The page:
there goes the pianist Thomas Beijer, to his ‘breakthrough moment’

Thomas Beijer at the piano just before his performance in the Concertgebouw in Amsterdam.Picture Erik Smits

11.45: ‘Are you actually looking forward to it’
Thomas Beijer writes…
11:45: “Yes. But. Give a concert first
11.46: ‘The good news is that almost no one knows Escher’s music. Neither does Manuel de Falla. So you don’t need to practice that
Thomas Beijer writes…
11:47 AM: Wow. Get out of my mind, Cemetery. As in: that’s exactly what I’m thinking too’

It is Sunday morning, December 18 and Thomas Beijer (34), pianist, composer, writer, artist, but today a pianist, stands for the most important achievement of his career. Tonight at 20.15 he plays a solo recital in the Concertgebouw in Amsterdam. This time yes.

It was big news in the classical music world when it became known that Beijer was allowed to appear in Meesterpianisten, a series with status because only the world’s greats played. Dutch pianists were few (four). And now Beijer could join that list with piano phenomena like Alfred Brendel and Martha Argerich. The concert was originally planned for March 21, 2021. Beijer had selected a special repertoire, Arcana by Rudolf Escher (1912-1980). But the promoter who rented the Concertgebouw for Sunday evenings had to stop because of financial problems. The corona crisis gave the final push.

Beijer told the paper that it could have been ‘some kind of breakthrough moment’. His manager was already inviting impresarios from all corners of the universe to watch him work. Today’s breakthrough.


The Concertgebouw decided to create its own piano series on Sunday evenings and to enhance the atmosphere of the Master Pianists series with the always dimmed lights, approach as much as possible. The new name: Great pianists. And now Beijer is playing in Grote Pianisten, and he might break through after all.

We asked if we could follow him until he descends the famous Concertgebouw stairs. Of course. On a.

Thomas Beijer in the antechamber of the Concertgebouw.  Picture Erik Smits

Thomas Beijer in the antechamber of the Concertgebouw.Picture Erik Smits

First, a disclaimer. A friendship between a reviewer and a performer who also performs so often that there are hardly any evenings left to meet with is of course almost impossible, but it is also impossible not to become friends with Thomas Beijer. Since our last interview, in 2020, we have app daily. I am calling.

The time is 16:30. Stir the beige in a Le Creuset pan over medium heat. He is making a vegetarian lasagna, in advance for tonight, for the after-party at home; today you can’t eat anywhere after eleven in the catering industry in Amsterdam, and he prefers not to eat beforehand for an evening concert anyway. Many friends and family are expected here tonight. And his partner, the most beautiful woman in Slovenia (not his words).

Beijer’s cooking tip: You must first crush the garlic with your knife to release the juice, and only then finely chop it. Do not use regular paprika, but smoked paprika in combination with lentils, and you will never hear meat eaters complain that there is no meat in your sauce. Yes, he just chops with those knives on a concert day. Did you know that Maria João Pires once had to cancel a concert in Master Pianists because she cut herself on the leg while cooking a fish? None?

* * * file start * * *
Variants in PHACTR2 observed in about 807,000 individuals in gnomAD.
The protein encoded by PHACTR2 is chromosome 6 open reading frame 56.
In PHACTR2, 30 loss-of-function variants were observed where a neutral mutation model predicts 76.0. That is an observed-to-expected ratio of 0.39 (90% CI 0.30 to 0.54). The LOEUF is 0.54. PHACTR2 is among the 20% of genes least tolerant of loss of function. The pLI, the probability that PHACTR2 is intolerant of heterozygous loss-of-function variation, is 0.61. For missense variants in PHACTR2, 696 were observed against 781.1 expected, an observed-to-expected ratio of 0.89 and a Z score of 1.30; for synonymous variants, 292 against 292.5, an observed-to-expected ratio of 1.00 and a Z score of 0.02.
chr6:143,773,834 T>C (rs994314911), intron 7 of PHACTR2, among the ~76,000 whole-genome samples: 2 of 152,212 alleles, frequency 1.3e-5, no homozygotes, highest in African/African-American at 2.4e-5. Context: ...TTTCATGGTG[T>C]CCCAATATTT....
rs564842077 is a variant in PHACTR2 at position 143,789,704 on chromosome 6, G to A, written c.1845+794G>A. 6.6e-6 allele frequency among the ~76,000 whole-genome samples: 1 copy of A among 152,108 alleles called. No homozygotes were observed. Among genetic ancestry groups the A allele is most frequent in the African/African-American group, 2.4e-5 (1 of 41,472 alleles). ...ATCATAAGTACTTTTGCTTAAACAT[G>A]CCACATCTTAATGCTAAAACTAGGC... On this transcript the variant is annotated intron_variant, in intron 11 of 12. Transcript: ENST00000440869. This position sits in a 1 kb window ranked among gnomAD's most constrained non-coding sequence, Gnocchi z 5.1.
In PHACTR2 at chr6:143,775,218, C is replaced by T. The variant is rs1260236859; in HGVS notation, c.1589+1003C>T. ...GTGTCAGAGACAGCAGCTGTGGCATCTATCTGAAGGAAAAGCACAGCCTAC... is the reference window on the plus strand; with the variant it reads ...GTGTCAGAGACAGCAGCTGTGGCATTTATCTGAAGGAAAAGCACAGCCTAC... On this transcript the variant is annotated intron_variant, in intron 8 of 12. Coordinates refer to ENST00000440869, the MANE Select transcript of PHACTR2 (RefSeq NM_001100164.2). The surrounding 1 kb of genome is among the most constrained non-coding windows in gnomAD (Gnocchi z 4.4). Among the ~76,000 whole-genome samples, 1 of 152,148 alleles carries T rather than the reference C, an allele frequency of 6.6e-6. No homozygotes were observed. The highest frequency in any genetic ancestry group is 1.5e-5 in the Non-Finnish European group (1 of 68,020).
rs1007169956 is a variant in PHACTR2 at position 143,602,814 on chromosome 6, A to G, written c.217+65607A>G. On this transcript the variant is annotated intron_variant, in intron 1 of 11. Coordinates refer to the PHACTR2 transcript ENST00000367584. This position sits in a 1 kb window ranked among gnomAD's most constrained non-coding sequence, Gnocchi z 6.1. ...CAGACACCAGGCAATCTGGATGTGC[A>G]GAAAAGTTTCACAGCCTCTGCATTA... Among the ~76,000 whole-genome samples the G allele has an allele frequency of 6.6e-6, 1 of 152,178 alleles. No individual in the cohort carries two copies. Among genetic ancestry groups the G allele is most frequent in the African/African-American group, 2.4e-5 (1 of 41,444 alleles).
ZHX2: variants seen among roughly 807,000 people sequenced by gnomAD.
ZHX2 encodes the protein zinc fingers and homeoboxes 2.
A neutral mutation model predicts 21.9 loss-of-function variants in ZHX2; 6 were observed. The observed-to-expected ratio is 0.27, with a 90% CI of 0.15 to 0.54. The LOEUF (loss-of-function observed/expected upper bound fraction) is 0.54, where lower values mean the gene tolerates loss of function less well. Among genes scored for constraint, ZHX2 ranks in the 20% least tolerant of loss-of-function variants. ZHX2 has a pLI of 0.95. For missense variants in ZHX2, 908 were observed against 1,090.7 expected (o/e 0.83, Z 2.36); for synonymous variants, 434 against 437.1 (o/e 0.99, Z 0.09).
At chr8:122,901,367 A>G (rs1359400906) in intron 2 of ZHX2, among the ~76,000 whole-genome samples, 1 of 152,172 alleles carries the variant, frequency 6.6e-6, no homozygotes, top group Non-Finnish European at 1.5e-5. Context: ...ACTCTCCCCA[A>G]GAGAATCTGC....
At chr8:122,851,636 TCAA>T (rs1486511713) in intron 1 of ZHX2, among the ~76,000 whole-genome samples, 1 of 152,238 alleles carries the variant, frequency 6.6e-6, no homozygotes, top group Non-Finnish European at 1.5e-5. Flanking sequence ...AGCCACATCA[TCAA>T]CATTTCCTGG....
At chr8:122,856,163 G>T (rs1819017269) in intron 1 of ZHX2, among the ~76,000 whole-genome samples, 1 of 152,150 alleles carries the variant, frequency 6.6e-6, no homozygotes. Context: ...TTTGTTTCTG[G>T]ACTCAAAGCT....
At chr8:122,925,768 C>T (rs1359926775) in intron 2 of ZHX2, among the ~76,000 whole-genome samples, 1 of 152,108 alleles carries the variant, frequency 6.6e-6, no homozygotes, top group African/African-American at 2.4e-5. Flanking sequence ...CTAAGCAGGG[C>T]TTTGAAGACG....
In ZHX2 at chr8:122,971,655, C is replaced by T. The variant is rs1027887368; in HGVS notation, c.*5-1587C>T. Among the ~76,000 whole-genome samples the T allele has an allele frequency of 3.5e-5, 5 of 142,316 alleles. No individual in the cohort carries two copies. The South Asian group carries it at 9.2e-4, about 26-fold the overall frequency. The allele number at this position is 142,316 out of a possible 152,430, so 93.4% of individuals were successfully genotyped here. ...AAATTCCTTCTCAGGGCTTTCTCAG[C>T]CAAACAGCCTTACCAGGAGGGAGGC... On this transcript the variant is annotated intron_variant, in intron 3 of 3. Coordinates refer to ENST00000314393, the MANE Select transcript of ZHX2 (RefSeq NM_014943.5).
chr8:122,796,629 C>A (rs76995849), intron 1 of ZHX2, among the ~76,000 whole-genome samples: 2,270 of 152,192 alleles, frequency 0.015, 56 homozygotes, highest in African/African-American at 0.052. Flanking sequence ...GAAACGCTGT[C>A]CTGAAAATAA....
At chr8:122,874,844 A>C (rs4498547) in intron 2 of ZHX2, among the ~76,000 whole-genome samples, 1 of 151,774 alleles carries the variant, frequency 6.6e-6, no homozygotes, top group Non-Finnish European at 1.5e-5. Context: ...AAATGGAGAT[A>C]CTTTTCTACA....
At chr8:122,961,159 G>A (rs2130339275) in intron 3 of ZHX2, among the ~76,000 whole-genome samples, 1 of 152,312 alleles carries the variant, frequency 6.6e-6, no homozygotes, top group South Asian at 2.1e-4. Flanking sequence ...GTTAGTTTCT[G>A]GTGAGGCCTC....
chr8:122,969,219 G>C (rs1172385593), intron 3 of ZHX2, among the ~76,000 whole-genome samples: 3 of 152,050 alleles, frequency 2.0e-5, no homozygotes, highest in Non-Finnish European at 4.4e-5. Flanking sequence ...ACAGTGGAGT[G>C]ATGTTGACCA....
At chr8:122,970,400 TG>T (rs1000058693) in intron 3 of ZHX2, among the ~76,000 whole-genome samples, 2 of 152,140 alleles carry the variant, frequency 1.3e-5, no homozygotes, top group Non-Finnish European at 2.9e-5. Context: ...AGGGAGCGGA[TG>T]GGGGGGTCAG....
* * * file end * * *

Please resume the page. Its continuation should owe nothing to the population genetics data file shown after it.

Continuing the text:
Remain calm

Beijer is the ‘spotlight artist’ at the Concertgebouw this season, so the marketing department wanted to make a video of him. In a showcase is a large mask off Star warsfigure Darth Vader. Beijer suggested that he put on a suit, that they would film him from the bottom up, and that they would then see him playing the piano with that Darth Vader mask on. Very strange, but they didn’t like that. “That mask has nothing to do with your game.” Yes, that is true, but for Beijer there is no reason not to do it.

Does he have rituals on a day like today? Not that. However, there are things he knows he shouldn’t do on a concert day: planning an activity that requires his full attention, e.g. Don’t draw, don’t write a chapter (the promised book of essays on music is still a long way off). He doesn’t listen to music. He just doesn’t need that. There is already enough music in his head, the pieces he is going to play tonight.

We were supposed to leave at 5 p.m., but it’s already a quarter past one and Beijer is still quietly sucking on his electronic cigarette. He turns off the heat under the pot and takes out a black leather bag. The contents: the scores (Chopins Third Piano Sonatathat Six moments of music from Schubert, Cuatro piezas españolas from Manuel de Falla and them Arcana that is – a masterpiece, according to Beijer). A comb, a suit, shoes, a nut bar.

You have to keep calm. He played the piano, but it was to make it feel good to play. If he had had to study something today, had to get a run in his fingers, he would have been late anyway. In fact, a concert starts months in advance. Tradition dictates that a concert like tonight be played from memory. Thousands of notes, all the musical lines that he has to internalize: compared to that, the actor who has to learn Hamlet has it easy. With the encores added, that’s nearly two hours of music.

Axes in the trunk

He once had that Chopin sonata a long time ago practiced, to his surprise it turned out that quite a lot of it still stuck. But if you rely on your motor skills, on muscle memory, you will be screwed in a concert. The body and head must know the music. When do you know if it’s good enough? A difficult passage must be played ten times in a row, with the ticking metronome. If it fails the ninth time, you start over. The fear of memory is always there, the fear of forgetting something.